First of all, I am so glad I was linked to your blog as I find it an invaluable source of information and thought-provoking ideas. My question for you is, how do all those that believe their is more to the story than Bono and Angelina get the word out into the mainstream? Thoughtful blogs or news pieces in relatively small magazines do a good job at drawing out the debate and putting meat out for people to chew. But unfortunately that doesn’t get the attention of people who only know about these issues from MTV or Vanity Fair. And how do we begin a more thoughtful conversation without completely antagonizing those that actually draw attention to these issues in the first place?
Anne, the question you’re asking is a huge one – the work we do on Global Voices (globalvoicesonline.org) is one response to the question. We’re trying to amplify stories like that of William Kamkwamba in a way that makes those stories accessible to media companies, in the hopes that they’ll help us amplify them. My guess is that the answer isn’t to cut Bono and Vanity Fair out of the picture – it’s to ask them to do better. The reason you’re hearing (here and elsewhere) frustration with Bono is that he’s got great opportunities to promote and feature some amazing voices from the continent, and we know he’s hearing these voices. The hope is that he’ll advocate for these less-heard voices when he’s in situations like guest-editing VF or building programming for MTV…
I am with you entirely with you in your response…in principle. We humans always try to create simple categories to understand issues…you created a third, from the 2 by Gal Beckerman. The truth is always more complicated. We fell into the same trap sometimes at TEDGlobal in the AID vs Trade debate. I was one of the privileged 100 at TEDGlobal as a Fellow….and saw a face of the continent I have hardly ever seen (despite being an avid consumer of all media African). What I did not see in Vanity Fair or in Gal Beckerman’s piece is the positive face of the continent that we heard so much about in Arusha. The more we young Africans identify with this positive image, the more we will strive to defend it and build it. Accentuating the positive is not just an egocentric exercise but a strong motivating force. The only justification I can imagine for VF’s and Bono’s framing of the issues and use of predominantly strange faces to portray our continent is that it presumes its readers too stupid to know the difference! If Ngozi Okonjo Iweala can have such an impact on a discerning audience as in TED, maybe we just have to assume a story like she had to tell would not interest VF readers…..a shame. I bought the issue of VF with a postTED eagerness, and finished reading it with an overwhelming emptiness. Yet I cannot bring myself to criticise Bono…not just yet.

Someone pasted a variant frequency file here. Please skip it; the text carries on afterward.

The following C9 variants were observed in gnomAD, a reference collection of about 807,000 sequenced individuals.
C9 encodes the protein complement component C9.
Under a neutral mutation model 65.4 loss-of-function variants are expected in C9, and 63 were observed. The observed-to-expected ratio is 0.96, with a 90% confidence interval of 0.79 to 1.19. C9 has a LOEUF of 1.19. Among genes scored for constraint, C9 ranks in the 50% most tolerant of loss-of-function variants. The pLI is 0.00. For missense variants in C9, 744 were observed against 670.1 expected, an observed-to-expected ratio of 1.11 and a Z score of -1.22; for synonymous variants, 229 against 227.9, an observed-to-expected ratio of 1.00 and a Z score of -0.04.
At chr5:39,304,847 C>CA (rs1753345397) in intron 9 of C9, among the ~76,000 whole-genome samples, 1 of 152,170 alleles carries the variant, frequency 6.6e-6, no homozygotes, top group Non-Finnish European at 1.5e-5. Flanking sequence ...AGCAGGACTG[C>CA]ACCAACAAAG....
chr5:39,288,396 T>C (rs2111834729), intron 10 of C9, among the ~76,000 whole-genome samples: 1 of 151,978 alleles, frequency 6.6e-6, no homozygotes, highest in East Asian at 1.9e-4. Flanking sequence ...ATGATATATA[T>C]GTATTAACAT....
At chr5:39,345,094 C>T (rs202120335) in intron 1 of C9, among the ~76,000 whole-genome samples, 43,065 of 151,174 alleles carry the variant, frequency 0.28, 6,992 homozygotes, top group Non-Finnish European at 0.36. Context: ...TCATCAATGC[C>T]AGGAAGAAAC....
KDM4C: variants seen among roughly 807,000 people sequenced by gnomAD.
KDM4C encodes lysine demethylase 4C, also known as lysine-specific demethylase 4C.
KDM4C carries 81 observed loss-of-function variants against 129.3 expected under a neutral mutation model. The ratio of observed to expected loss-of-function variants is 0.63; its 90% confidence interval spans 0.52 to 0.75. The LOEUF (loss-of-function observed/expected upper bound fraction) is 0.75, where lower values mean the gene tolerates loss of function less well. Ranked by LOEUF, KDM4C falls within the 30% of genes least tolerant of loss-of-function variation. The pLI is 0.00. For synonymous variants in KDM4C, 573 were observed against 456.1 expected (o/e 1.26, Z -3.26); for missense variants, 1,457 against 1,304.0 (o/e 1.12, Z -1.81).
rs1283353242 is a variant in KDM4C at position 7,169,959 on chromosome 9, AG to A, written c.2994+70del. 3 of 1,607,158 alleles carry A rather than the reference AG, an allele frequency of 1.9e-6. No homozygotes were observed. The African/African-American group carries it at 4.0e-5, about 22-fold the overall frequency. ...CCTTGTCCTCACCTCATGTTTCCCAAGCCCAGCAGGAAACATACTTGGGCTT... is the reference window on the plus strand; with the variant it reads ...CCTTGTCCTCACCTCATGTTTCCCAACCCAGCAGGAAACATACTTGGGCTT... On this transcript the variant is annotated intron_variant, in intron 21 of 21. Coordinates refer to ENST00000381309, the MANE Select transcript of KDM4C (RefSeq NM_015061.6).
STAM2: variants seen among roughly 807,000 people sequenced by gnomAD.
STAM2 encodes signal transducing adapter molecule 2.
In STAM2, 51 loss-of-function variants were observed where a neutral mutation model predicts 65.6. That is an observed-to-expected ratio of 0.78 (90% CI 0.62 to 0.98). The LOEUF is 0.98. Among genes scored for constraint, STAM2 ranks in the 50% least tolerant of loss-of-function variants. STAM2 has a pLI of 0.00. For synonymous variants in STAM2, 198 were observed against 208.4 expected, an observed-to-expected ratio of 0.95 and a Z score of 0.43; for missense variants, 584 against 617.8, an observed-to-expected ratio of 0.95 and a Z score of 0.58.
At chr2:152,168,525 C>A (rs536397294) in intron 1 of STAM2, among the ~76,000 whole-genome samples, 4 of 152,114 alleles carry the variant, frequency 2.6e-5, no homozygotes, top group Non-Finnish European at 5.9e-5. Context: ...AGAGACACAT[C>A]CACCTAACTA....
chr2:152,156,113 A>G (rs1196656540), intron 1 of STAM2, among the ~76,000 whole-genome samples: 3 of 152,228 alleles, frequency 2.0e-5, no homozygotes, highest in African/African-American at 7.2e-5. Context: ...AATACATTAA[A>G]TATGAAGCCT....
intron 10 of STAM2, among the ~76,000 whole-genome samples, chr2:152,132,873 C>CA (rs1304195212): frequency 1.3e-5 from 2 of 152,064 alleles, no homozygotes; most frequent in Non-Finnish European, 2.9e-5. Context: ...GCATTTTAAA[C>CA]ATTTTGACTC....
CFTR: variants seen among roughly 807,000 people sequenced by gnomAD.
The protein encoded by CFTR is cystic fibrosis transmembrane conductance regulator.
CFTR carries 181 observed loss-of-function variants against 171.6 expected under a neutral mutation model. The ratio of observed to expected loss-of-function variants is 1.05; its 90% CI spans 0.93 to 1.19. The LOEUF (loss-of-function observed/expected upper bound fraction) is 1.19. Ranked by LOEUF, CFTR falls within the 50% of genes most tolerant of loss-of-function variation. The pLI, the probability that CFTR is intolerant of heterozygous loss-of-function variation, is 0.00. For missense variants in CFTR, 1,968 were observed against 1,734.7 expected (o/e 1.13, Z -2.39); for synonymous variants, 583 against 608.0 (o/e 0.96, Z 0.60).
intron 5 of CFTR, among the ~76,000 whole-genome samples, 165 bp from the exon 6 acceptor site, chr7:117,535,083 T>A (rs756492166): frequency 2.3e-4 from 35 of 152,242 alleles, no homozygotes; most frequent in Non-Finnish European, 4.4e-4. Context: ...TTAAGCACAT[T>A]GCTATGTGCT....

On behalf of hippos everywhere, may I say that you people are being dreadfully unfair to a competent species that is, yes, agile and graceful in its own environment? (Which, of course, is bouncing gently through shallow ponds.) It’s sheer slander to conflate them with a bunch of bloated parasites. You just have to hope they don’t get in touch with any of the lawyers passing through on safaris.
Seriously though, I haven’t read the VF article because I saw a huge poster of the cover at a local Barnes & Noble. I can’t even identify exactly what it is that’s so offensive. The Cool Kidz-ness of it? The Shrubble’s vacuous mug? The fact that, black or white, they’re almost all from the US? I thought it was supposed to be about Africa.
I’m not even that close to the issues, and yet that cover sets my teeth on edge and makes me want to rampage around, tearing up magazines.
Hi all, this deals with journalism and one must know one of their main aim: to sell their newspaper and reach the largest audience.
This is pretty different with blogs. And the way Africa is seen might change thanks to blog, thanks to new media, like the one Salim Amin is trying to start with the pan-African News-Channel A24.
And the cheetah will need to be supported by experienced businessmen and by a rising Venture Capital.